[So, here’s a funny thing… I was recently called as a gospel principles teacher in my ward, so I’m going to skip ahead to where I probably would have been if I had been a consistent blogger and to the lesson that I am preparing for this Sunday]
Why did our Heavenly Father send us to earth as members of families?
That’s a funny question. I don’t really buy the premise. It fits too nicely into the “Saturday’s Warrior” kind of mythology that has been less than helpful in my own life. To ask the above question is to assume that God is in Control, as if every detail were meticulously laid out from the beginning. I’m more and more convinced that life is a great deal more untidy.
At the risk of becoming too personal, perhaps a little background will clarify my confusion on this point. My wife and I recently became foster parents. For a variety of reasons we have been unable to have children the “natural” way, and the foster care program seemed like a good fit for us. We have been extraordinarily fortunate to be placed with two beautiful kids who fill our lives with joy, frustration, sorrow, hope, and all the rest.
By almost any measure these kids are getting a raw deal out of this mortal probation. They have dealt with hardships before their first birthdays that, I suspect, most people reading this blog will never have to confront. They will both be dealing with the consequences of their biological parents’ decisions for their entire lives.
We sing to them before they go to bed each night. On one occasion, my wife suggested that we sing, “I am a Child of God.” As we sang the first verse, we were both struck by how little the words seemed to apply to them.
I am a child of God,
And He has sent me here,
Has given me an earthly home
With parents kind and dear
I refuse to believe that God is micromanaging the assignment of spirits into families. If God is responsible for the composition of earthly families, my kids (and the hundreds of thousands of others in similar situations) deserve an explanation — and it better not even smell like one of the treacly platitudes we are given too often.
This strikes at the center of a lot of things I’ve been wrestling with recently. If God exists, He/She/They/It/whatever owe us something more than what we’ve been given.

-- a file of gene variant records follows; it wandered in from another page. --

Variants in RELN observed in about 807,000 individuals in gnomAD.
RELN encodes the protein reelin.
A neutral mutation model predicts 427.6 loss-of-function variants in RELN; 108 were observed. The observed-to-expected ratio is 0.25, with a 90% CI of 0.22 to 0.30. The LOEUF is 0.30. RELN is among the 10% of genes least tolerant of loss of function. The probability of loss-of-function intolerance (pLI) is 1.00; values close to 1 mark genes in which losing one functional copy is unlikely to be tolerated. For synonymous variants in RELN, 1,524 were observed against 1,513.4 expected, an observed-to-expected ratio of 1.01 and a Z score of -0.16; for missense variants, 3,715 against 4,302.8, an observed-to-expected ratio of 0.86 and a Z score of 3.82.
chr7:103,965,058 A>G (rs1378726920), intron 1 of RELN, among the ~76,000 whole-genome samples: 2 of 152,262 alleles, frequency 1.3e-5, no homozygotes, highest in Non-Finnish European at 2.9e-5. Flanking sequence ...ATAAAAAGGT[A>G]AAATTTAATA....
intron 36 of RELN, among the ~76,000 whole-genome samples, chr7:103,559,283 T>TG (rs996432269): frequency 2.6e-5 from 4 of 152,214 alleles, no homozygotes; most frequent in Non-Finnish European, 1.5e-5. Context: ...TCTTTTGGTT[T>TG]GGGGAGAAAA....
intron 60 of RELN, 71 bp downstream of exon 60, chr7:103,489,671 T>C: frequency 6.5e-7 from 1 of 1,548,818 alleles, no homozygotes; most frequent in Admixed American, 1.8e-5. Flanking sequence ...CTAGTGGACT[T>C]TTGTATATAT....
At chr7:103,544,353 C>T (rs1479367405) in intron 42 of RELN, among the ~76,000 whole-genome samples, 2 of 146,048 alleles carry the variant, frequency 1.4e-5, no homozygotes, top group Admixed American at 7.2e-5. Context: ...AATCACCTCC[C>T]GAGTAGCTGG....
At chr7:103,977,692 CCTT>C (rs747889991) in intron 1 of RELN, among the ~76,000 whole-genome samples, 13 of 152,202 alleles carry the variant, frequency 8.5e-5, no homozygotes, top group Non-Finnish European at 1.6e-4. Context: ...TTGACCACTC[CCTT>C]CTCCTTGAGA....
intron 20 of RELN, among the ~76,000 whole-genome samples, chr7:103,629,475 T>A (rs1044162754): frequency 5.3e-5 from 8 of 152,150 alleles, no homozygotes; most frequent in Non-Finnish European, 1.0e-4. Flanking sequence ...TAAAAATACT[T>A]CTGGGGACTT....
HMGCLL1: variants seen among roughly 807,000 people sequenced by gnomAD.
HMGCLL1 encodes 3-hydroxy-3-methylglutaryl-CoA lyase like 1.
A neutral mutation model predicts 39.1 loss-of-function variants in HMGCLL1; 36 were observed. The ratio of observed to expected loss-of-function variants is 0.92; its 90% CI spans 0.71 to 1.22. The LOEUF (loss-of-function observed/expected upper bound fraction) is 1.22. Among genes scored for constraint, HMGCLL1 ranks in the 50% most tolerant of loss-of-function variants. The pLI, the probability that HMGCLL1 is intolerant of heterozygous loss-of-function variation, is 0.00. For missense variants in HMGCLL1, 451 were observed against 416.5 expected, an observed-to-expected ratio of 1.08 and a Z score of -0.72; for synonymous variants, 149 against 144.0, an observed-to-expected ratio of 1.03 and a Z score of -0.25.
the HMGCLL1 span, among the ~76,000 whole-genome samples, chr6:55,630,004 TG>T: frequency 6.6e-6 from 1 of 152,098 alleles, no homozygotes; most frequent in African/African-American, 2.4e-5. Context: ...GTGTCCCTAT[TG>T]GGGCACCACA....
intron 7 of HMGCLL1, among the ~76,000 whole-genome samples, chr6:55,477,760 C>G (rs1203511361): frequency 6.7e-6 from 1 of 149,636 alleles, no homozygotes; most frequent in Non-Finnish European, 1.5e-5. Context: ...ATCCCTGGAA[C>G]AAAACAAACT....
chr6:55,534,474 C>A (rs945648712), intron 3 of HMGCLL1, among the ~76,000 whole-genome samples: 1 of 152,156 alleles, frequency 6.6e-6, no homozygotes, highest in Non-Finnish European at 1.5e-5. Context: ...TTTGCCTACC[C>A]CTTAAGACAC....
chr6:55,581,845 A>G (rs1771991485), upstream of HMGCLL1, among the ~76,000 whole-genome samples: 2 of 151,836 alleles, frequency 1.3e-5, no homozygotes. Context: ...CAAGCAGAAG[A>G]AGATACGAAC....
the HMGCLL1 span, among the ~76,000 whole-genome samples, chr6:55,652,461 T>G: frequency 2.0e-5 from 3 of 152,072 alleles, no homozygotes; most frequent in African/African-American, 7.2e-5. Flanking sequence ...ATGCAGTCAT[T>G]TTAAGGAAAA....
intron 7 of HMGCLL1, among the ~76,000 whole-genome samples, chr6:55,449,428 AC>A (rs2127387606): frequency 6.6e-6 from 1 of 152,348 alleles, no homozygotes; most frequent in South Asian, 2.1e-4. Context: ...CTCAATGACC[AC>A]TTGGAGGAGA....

For the last few days and for whatever reason–and God knows she has reasons–our little girl has been having trouble sleeping without one of us holding her. As I sit rocking her and trying my best to comfort her, I can’t help but think of the cliches we are given about God. “Wrapped in the arms of His love,” “Enfolded by His mercy.” She could use some sliver of that compassion we are frequently assured that God has for us. Is it too much to ask the Omnipotent Lord of the Universe to comfort a little frightened girl? But instead she is left to the (much) less-than-perfect comforts that we try to offer.
The problem of evil
Everything I’ve said so far is just a specific case of the more general “problem of evil.” It’s just that I’ve rarely had occasion to stare it so closely in the face. It is a thorny problem indeed, and giving it a fancy name sure doesn’t help.
We are sometimes warned against blaming God for the evil in the world.
I’ve never understood this. From what I’ve been told, God is big enough to take a little blame.
But wait, the apologist for God might respond, we don’t see the whole picture! We’re thrust in the middle of this three-act play without knowing the beginning or seeing the grand conclusion! Have faith and patience, things will work out in the end! (in my mind this kind of apologia always comes with a lot of exclamation points. Indeed, the fact that God needs so many apologists is increasingly odd to me).
That’s not going to work for me. Until God or someone speaking on God’s behalf sees fit to explain it to me, I think I’ll risk a little wrongful attribution of blame. A god who is worth the title had better be able to forgive my inability to understand, and it feels like the bigger sin to just accept it as all “part of the plan.”